It’s not too often that one has the chance to muse that art and cataloging librarianship have a lot in common, and yet when it comes to describing the emotional impact of visual material they can. I have thought a lot about emotional meanings from an image retrieval perspective over the past few years, ever since reading JungWon Yoon’s article, Searching for an Image conveying connotative meanings: An exploratory cross-cultural study. I am reminded of it now, as I play with the Kiasma Museum’s Tunteella app, which is designed to measure your mood as assigned to images and then recommend a work from the Finnish National Gallery to view based on the emotional profile it has gathered. It’s clever, of course a bit gimmicky, and a fun little exercise. It’s meant to be a quick foray into art engagement, but it also brings up much larger questions of meaning and interpretation, and the limits of the app spotlight a real tension that exists between image retrieval and connotation in imagery.
Connotative meanings and image retrieval
First, it is worth noting that in Yoon’s study she discusses the problem of indexing materials—in this case images—in a way that describes the meaning and emotional content of the work. It’s easier to describe the more concrete attributes, and yet she notes that most often users want an image to fulfill a search based on more than just denotative criteria. A sunlit sky with dark clouds, for example, could convey a sense of ominous impending storm or optimism associated with the clouds parting after a beneficial rain, a lonely and isolated landscape or a beautiful untouched wilderness—trite example, maybe, but it gets at the way experiences and moods inform the way images are seen. And yet, in searching behavior users often want to find an image that conveys a certain mood or emotion, not just a scene. This interpretation, however, is influenced by many factors, including (to name just a few) one’s own mood while viewing at a particular moment, one’s general disposition, and cultural factors, the latter of which Yoon looks at in her study.
But as artists and art historians, we already know that. We interpret visual material and encourage others to consider and find meaning. There is uneasiness in the multiplicity of possibilities, but the expansiveness is also a reminder of the complexity of human experience and the desire to understand things through various lenses. We can index and catalog imagery to a certain point, but there is often something left unaccounted for as soon as minimal labels are applied.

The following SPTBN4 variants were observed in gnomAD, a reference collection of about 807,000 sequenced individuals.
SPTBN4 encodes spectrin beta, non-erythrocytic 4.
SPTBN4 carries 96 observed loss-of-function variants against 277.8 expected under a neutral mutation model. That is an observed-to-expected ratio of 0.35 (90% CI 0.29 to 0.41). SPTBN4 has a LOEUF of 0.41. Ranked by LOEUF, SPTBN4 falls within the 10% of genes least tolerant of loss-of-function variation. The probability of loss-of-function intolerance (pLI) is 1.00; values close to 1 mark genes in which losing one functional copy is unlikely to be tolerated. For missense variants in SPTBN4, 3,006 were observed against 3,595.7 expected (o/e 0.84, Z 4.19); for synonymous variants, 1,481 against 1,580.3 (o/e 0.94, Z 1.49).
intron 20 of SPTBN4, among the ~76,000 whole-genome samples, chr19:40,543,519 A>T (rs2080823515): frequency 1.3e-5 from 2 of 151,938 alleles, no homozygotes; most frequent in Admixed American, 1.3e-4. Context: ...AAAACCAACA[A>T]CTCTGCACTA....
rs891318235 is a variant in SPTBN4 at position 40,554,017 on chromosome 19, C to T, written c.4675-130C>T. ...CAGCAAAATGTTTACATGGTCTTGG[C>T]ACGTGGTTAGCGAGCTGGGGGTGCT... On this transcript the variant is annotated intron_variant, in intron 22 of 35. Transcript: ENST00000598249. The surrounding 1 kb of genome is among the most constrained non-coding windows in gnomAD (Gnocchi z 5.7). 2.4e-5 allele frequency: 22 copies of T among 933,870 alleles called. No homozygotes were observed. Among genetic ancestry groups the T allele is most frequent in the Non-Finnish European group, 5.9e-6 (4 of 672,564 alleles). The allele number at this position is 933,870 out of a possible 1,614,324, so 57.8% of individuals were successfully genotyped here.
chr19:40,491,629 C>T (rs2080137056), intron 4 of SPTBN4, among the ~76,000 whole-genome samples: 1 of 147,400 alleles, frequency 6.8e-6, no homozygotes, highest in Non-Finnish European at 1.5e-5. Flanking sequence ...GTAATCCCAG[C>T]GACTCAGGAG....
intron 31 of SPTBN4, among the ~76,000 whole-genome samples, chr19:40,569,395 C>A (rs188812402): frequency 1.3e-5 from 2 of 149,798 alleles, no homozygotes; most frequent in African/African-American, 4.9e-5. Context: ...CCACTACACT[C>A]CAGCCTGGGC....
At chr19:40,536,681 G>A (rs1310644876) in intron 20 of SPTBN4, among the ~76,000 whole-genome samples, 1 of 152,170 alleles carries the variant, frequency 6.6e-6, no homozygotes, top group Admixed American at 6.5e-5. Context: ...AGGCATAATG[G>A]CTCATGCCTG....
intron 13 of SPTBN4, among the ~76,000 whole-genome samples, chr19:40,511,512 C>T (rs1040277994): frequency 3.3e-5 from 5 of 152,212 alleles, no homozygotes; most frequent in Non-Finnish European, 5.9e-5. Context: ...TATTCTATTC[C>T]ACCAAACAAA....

This brings me back around to Tunteella, which relies on a viewer’s emotional interpretations of nine randomly selected works to gauge the prevailing mood through which they are seeing the world. By interpreting your assignment of one of eight different terms meant to express mood, the app decides on your prevailing world view and suggests a work of art you should look at.
The point I discussed above about the subjectivity of describing visual imagery is best illustrated here by two points; first, the same word choices are available for all images and second the same images make it into multiple conflicting categories of the “top ten” list of all the mood options. Case in point, Eija-Liisa Ahtila’s video piece The Annunciation appears at a varying rank in five different categories: irritating, crazy, threatening, voluptuous, and mystical. These indicate, in some cases, wildly divergent experiences of the same piece—threatening and mystical might generally be understood—though not always—as divergent concepts. This is fascinating and perfectly exemplifies the complexity of human emotional responses. We simply can’t describe most visual material in terms of connotative meanings with words that will be universal. The best that we can strive for is finding broad categories and trends for this area of indexing.
Read more about my thoughts on the potential problems associated with defining broad emotional categories for users in a related blog post on my other blog, Writing It All Down.